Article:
As I said before, a blogging network saves you the trouble of building up your website’s reputation, but what it doesn’t do is give you immediate popularity as a writer. In fact, it’s probably much harder to gain a good writing reputation because of the fact that your posts will most likely get flooded out in a matter of hours. That is why I prefer having my own blog. I get to build it up myself without any help. If it gets popular, I know it will be from my own ability. Sure, a blogging network could help people discover your other articles, but I think the initial cost of joining a blogging network outweighs the positives. Taking a look at my own blog, if I had joined a Japanese music blog network, I don’t think anyone would care for what music I listened to. Hell, people barely even care right now. Putting myself up against other individuals who are in the same position as I am would only cause me to sink or swim. In most cases, I would probably sink. I’m going to stay away from blogging networks and stick to what I know, even if I’m giving up the chance to be on a frequently visited website.
I think joining a blogging network like BlogHer is a good way to attract readers to your blog, to an extent. If I were to follow this network, I would be seeing a lot of posts that aren’t yours as well, so while SOME of your posts may become popular, your blog as a whole may not, as many posts may go unnoticed. Also, I feel like if I was going to talk about this post with someone else, I’d say “oh I saw it on BlogHer” not necessarily the exact blog that it came from. It’s probably better to establish credibility and a following on your own blog if you are seeking high success, though this may help to attract readers initially.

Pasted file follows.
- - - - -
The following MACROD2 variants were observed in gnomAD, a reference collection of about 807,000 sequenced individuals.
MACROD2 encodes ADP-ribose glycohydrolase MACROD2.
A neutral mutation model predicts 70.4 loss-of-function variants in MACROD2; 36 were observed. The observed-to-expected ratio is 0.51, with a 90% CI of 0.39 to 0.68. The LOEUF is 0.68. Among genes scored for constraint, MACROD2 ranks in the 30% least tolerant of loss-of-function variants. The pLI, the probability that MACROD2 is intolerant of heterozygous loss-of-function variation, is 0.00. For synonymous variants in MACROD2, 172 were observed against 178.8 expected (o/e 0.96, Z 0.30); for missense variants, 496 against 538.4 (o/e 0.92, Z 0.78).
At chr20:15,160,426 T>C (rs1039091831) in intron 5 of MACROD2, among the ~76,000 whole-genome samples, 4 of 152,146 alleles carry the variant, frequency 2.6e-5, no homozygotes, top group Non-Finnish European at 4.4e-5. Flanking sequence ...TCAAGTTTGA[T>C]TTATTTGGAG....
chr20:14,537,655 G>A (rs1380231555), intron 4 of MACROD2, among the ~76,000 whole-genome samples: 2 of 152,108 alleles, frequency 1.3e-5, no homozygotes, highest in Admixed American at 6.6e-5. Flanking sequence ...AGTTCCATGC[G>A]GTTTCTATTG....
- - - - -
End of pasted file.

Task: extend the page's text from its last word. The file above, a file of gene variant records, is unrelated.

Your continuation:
I believe it is possible to carry on both your own blog as well as social media as a blogger. One health blog I follow is a young woman who lost a tremendous amount of weight and now inspires other girls to do the same. She posts healthy recipes, talks about her workouts, but also gives insight into bits of her personal life. At the same time, she is active on social media to truly inspire and stay connected with the girls reading her blog, motivating them to eat well and exercise. Additionally even to that, she runs another blog where she chooses several girls to be on her “team” and moderates their blog posts and adds her own- kind of like watching their progress and giving extra tips and staying very connected to those chosen girls. While it doesn’t seem like she has another job, so she has a lot of time for social media and blogging, she does a great job balancing her different sites while maintaining the healthy lifestyle she promotes.
If I were to join a social blogging network, I would assume it would be a group of younger DIY bloggers. I like to post things that are easy for anyone of any skill range to post, but I focus on college girls based on money, availability of supplies, and especially the recipes. So, I think my blog would fit in well with a site dedicated to college girls, kind of like HerCampus but for a varying range of blog types. It would be cool to be able to read a site that has DIY things, recipes, video games for girls, movie reviews, etc.. all focused on college age girls and eliminating sarcastic or “slut/betch” posts. It would be more serious and interesting/helpful rather than entertaining. All the bloggers would have a common goal and they would maybe link to other girls’ posts within their own, if relevant.